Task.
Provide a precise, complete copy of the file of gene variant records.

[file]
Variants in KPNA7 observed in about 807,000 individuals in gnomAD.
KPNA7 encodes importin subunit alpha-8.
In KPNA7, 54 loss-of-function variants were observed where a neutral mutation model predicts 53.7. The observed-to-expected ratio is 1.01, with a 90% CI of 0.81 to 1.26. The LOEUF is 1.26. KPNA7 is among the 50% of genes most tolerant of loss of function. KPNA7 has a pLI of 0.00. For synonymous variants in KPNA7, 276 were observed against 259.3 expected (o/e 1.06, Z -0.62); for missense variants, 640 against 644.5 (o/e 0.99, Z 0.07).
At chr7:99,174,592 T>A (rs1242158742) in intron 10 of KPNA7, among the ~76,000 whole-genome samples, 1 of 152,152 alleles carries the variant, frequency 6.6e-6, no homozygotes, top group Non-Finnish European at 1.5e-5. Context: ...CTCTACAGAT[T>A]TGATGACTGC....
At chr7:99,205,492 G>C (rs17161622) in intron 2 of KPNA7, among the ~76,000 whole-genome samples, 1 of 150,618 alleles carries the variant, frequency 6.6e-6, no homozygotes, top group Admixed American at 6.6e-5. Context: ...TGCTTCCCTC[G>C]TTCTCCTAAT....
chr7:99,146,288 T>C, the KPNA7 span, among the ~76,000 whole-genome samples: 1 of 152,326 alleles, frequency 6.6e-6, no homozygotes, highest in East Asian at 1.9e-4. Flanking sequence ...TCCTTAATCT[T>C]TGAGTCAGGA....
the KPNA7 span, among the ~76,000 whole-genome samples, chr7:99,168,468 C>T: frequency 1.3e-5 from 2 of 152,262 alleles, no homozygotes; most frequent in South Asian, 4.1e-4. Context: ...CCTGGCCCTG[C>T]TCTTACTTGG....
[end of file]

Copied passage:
Variants in KPNA7 observed in about 807,000 individuals in gnomAD.
KPNA7 encodes importin subunit alpha-8.
In KPNA7, 54 loss-of-function variants were observed where a neutral mutation model predicts 53.7. The observed-to-expected ratio is 1.01, with a 90% CI of 0.81 to 1.26. The LOEUF is 1.26. KPNA7 is among the 50% of genes most tolerant of loss of function. KPNA7 has a pLI of 0.00. For synonymous variants in KPNA7, 276 were observed against 259.3 expected (o/e 1.06, Z -0.62); for missense variants, 640 against 644.5 (o/e 0.99, Z 0.07).
At chr7:99,174,592 T>A (rs1242158742) in intron 10 of KPNA7, among the ~76,000 whole-genome samples, 1 of 152,152 alleles carries the variant, frequency 6.6e-6, no homozygotes, top group Non-Finnish European at 1.5e-5. Context: ...CTCTACAGAT[T>A]TGATGACTGC....
At chr7:99,205,492 G>C (rs17161622) in intron 2 of KPNA7, among the ~76,000 whole-genome samples, 1 of 150,618 alleles carries the variant, frequency 6.6e-6, no homozygotes, top group Admixed American at 6.6e-5. Context: ...TGCTTCCCTC[G>C]TTCTCCTAAT....
chr7:99,146,288 T>C, the KPNA7 span, among the ~76,000 whole-genome samples: 1 of 152,326 alleles, frequency 6.6e-6, no homozygotes, highest in East Asian at 1.9e-4. Flanking sequence ...TCCTTAATCT[T>C]TGAGTCAGGA....
the KPNA7 span, among the ~76,000 whole-genome samples, chr7:99,168,468 C>T: frequency 1.3e-5 from 2 of 152,262 alleles, no homozygotes; most frequent in South Asian, 4.1e-4. Context: ...CCTGGCCCTG[C>T]TCTTACTTGG....